On Wednesday 1st May, Jeremy Corbyn and the Labour party put to the House of Commons that a Climate Emergency must be called.
The debate was called after recent protests, including the school climate strikes and Extinction Rebellion. Their recent activity in London saw closed roads and bridges, bringing thousands of peacefull activists standing up for the planet, as well as global protests in many different countries, all calling for the same action.
MPs endorsed the motion, with 'Jeremy Corbyn hailing the move as a necessary response to the recent protests'.1
Corbyn told MPs that current trends showed the point of zero net emissions would not be reached until the end of the century, by which time “our grandchildren will be fighting for survival on a dying planet.” He also said that this decision, to pass a motion without vote “can set off a wave of action from parliaments and governments around the globe”.1
“Are we content to hand down a broken planet to our children? That is the question members must ask themselves today. We have the chance to act before it’s too late. It’s a chance that won’t be available to succeeding generations. It is our historic duty to take it.” Corbyn.1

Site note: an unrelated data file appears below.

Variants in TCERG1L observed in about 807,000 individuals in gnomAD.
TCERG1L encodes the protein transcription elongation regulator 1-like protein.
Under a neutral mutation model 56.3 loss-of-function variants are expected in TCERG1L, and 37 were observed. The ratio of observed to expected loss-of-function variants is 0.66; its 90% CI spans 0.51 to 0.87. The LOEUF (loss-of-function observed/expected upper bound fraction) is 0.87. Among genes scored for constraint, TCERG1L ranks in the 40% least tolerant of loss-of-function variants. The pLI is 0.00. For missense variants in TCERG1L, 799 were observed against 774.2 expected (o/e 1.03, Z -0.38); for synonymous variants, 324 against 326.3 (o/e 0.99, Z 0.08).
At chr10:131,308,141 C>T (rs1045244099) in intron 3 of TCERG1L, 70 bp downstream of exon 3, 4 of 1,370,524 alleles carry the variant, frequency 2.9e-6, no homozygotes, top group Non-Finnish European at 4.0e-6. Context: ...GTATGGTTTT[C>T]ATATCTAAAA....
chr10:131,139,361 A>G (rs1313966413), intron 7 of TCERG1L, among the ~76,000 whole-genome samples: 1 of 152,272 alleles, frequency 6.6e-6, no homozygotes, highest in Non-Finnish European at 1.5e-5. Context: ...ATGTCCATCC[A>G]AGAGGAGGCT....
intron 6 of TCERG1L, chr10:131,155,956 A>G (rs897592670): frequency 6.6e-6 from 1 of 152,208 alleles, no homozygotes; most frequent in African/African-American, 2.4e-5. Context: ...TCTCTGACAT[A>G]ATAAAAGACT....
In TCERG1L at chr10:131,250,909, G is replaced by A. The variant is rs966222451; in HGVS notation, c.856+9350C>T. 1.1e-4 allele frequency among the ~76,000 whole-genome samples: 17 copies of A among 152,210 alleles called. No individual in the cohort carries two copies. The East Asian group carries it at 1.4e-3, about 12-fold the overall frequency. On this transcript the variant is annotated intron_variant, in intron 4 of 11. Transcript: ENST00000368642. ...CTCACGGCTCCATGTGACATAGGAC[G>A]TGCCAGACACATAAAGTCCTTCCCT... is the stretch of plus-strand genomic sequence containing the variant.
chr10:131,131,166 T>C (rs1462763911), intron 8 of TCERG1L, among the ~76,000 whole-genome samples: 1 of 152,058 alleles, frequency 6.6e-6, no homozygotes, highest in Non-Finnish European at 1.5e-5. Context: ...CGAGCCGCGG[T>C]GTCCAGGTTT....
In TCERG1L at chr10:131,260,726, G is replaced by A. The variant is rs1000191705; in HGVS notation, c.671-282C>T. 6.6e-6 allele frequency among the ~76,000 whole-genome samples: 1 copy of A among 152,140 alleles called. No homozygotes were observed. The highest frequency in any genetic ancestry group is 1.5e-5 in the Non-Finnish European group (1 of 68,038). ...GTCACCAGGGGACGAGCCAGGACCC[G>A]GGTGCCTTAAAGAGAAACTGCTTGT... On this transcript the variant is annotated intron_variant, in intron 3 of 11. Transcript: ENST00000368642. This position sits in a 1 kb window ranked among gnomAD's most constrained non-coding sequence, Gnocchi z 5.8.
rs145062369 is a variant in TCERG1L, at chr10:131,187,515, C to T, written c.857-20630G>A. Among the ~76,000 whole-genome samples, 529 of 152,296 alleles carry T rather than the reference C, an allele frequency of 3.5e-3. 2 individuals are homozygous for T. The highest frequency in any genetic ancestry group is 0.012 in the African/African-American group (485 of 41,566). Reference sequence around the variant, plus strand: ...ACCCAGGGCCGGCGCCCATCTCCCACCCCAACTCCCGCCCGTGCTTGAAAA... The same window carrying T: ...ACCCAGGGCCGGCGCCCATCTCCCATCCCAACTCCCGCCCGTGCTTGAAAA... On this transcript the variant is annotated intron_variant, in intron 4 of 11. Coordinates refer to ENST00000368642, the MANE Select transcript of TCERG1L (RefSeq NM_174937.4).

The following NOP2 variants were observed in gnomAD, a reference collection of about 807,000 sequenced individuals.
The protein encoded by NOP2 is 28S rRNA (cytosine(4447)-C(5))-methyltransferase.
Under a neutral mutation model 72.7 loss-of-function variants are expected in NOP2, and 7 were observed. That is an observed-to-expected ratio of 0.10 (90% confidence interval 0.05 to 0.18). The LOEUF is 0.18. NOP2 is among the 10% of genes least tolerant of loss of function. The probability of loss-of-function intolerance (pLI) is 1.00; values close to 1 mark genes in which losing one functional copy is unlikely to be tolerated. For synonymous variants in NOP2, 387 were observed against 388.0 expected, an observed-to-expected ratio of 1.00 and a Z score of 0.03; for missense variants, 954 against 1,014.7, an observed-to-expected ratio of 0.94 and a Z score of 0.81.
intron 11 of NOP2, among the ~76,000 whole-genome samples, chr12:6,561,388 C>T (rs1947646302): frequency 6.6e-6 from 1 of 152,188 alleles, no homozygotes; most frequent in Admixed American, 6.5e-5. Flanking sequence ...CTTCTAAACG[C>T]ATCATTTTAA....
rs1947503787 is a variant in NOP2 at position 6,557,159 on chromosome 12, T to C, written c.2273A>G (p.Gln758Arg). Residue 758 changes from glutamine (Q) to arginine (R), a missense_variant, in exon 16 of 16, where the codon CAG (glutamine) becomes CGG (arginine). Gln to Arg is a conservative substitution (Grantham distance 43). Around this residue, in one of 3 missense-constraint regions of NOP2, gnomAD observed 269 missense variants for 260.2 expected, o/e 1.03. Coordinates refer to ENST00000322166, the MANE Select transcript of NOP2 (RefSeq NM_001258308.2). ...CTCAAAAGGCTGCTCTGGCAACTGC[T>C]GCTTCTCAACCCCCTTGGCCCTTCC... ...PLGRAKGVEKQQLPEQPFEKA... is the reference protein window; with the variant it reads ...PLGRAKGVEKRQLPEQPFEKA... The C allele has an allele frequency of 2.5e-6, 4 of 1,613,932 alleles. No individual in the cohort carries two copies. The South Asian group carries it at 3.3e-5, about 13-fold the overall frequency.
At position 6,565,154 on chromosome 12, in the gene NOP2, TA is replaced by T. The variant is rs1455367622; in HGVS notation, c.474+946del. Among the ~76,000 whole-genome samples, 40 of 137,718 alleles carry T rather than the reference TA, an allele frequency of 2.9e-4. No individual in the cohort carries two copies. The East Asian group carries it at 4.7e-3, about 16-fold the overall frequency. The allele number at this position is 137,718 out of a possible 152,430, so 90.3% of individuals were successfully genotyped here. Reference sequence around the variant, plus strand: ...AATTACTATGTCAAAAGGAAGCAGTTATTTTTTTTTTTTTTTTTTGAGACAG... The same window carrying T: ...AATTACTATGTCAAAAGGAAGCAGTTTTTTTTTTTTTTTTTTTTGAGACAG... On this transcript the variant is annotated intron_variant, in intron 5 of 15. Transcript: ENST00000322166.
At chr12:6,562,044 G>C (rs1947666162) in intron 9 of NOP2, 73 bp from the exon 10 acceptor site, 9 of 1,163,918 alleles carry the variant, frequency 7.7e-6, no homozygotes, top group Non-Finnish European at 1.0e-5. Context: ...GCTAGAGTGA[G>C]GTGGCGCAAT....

The environment secretary, Michael Gove, representing the Government, said he accepted “that the situation we face is an emergency”, and called for a consensual, cross-party approach so the UK could take a lead on climate action.
Both Corbyn and Gove met with young Swedish activist Greta Thunberg last week to discuss the climate crisis.
In a statement after the debate, Corbyn said: “We pledge to work as closely as possible with countries that are serious about ending the climate catastrophe and make clear to Donald Trump that he cannot ignore international agreements and action on the climate crisis.”1
Conservative MPs have been told not to oppose the motion.